Commemoration: are we remembering to forget?


George Santanya’s well-worn adage that “those who do not remember the past are doomed to repeat it” is uncontroversial, and the jewel of any prospective history student’s personal statement. Contemporary politics is not short of reminders that our collective memory of historical events wields immense influence in the present. From the resonance of ‘make America great again’ to the application of the war-time ‘keep calm and…’ slogan to exiting the European Union, there appears to be nothing like nostalgia to get people voting.

However, the controversy caused by Oriel College’s decision to retain their statue of Cecil Rhodes, and the entry of ‘Mein Kampf’ into the public domain after decades of copyright regulation have demonstrated that the question of how we should approach our histories remains very much open. The varying attitudes of different societies, such as the illegality of Holocaust denial in Germany, echo the fundamentally subjective nature of interpreting the past and deciding its relevance to the present. The overwhelming nature of genocides and mass conflicts also leave us at a loss, trying to process suffering we cannot hope to comprehend. This intractable social problem seems to leave us fumbling in the dark for a constructive mode of remembrance and acknowledgement. Nonetheless, finding an appropriate place for history in social and political dialogues is urgent for those who live with legacies of oppression and suffering.

Our vocabulary of commemoration masks dangerous ignorance

We have a defined vocabulary of commemoration, oddly placing the ‘Bonfire Night’ Gunpowder Plot alongside the Armistice, Martin Luther King’s birthday, and the Holocaust. Through accident and intention, every ten-year-old knows the endlessly fascinating factoid that Henry VIII had six wives and that Churchill was keen to fight them on the beaches, but not that the latter oversaw a famine in India which killed three million people. If our collective memory is somewhat arbitrary, how should we decide which events demand to be treated specially? Clearly common-sense distinctions can be made, that genocides and conflicts should be kept somehow present for the sake of education and human recognition. Beyond this sweeping definition, rightly, few can claim to quantify or dismiss the experiences of others. Even fewer are willing to claim responsibility for the actions of their ancestors, even if they enjoy the consequences. More sinisterly, the white-washing and imperial apologism of history curriculums hints that such decisions are made by those in power and imposed upon society with little possibility of informed or open discussion.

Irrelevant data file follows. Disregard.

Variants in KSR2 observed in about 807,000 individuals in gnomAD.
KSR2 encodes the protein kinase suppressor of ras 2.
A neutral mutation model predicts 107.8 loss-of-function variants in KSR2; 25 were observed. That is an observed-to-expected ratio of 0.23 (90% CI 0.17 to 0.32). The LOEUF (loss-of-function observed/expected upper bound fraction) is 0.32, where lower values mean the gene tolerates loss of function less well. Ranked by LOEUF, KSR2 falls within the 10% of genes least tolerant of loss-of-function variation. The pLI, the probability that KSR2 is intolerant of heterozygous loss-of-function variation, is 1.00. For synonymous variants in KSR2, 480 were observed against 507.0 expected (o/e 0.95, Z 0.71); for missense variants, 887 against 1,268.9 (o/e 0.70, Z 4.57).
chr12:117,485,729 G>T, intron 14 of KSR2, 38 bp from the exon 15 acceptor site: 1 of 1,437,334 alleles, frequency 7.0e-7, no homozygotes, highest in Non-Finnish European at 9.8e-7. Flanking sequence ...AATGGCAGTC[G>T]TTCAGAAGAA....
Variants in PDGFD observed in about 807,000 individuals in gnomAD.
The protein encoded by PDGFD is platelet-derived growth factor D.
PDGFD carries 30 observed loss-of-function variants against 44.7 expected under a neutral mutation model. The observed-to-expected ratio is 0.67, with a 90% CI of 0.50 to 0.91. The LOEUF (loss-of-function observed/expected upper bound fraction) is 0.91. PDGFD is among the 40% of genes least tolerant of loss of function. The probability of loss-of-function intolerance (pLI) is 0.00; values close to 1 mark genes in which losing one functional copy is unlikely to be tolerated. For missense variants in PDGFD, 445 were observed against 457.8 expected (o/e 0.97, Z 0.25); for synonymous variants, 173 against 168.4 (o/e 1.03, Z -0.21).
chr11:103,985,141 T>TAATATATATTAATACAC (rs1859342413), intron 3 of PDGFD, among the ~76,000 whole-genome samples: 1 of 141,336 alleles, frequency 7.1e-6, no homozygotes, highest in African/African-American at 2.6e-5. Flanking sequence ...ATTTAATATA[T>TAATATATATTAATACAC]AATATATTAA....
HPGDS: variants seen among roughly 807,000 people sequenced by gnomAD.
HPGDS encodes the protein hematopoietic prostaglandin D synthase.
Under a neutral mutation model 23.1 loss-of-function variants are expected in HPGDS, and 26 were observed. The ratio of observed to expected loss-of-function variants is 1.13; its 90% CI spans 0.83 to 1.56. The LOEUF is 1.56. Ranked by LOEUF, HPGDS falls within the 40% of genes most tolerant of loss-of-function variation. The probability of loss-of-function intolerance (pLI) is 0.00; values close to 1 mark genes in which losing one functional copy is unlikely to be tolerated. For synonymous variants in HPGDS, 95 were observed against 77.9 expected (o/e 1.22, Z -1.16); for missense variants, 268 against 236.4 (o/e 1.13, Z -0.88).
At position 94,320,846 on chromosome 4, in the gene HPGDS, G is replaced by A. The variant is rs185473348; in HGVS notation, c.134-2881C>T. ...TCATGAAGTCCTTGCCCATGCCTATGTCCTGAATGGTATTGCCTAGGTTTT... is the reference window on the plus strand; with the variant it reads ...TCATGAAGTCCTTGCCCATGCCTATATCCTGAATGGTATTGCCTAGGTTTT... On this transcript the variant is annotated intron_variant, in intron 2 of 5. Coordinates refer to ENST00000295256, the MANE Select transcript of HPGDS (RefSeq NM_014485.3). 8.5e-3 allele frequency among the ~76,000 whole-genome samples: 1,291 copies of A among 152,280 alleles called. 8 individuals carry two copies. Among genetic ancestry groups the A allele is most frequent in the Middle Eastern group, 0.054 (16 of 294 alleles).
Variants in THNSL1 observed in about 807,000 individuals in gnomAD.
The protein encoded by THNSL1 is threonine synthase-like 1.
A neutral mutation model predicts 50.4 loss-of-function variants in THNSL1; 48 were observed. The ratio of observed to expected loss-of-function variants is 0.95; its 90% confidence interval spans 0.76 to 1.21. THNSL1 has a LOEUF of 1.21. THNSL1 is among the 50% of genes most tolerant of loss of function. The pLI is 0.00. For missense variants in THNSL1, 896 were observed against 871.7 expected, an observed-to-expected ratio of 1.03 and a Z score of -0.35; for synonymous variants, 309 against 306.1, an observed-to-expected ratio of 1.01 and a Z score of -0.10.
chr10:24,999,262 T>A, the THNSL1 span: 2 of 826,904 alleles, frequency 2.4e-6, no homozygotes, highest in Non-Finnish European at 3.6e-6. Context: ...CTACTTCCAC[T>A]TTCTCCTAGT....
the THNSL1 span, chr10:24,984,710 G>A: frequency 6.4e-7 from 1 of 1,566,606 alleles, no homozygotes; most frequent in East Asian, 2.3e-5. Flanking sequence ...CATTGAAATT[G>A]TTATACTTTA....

In the absence of a universal standard of notability, we should look to the practical effects social forgetfulness has in people’s lives. Neither accident nor intention can be allowed to obscure the more uncomfortable parts of history, because this helps perpetuate the suffering of those who still live within the ramifications of colonisations and genocides which occurred centuries ago. On the South Dakota Pine Ridge Reservation in 2010, the Native American community suffered an unemployment rate that fluctuated between 85% and 90%, a rate of Tuberculosis incidence eight times the U.S. national average, a teacher turnover rate eight times the national average, and a life expectancy of between 46 and 48 years for men. Meanwhile, President Donald Trump has used the name ‘Pocahontas’ as a term of disparagement towards Senator Elizabeth Warren, showing the typical disregard for Native American heritage that perpetuates inequality and racism. Whilst it is true that we cannot go back and fix mistakes made in the past, it is essential that leaders do not flinch away from uncomfortable legacies. Historical literacy and sensitivity can help leaders frame issues from indigenous peoples to conflict resolution more effectively.

Neither accident nor intention can be allowed to obscure the more uncomfortable parts of history

Even if history seems to be an odd and challenging addition to current social and political dialogues, it is too influential to ignore. If governments and traditionally dominant social groups are allowed to determine collective historical memory without open discussion, inequalities and privileges built on the bones of conquest can never be questioned and tackled when they affect people alive today. If not, silence looks an awful lot like tacit condonation.

Therefore, it is more important than ever that those who purpose the past for their own ends are questioned constructively, and that we are willing to confront the uncomfortable gaps and comfortable fictions in our national consciousness.

Liked reading this article? Sign up to our weekly mailing list to receive a summary of our best articles each week – click here to register

Want to contribute? Join our contributors group here or email us – click here for contact details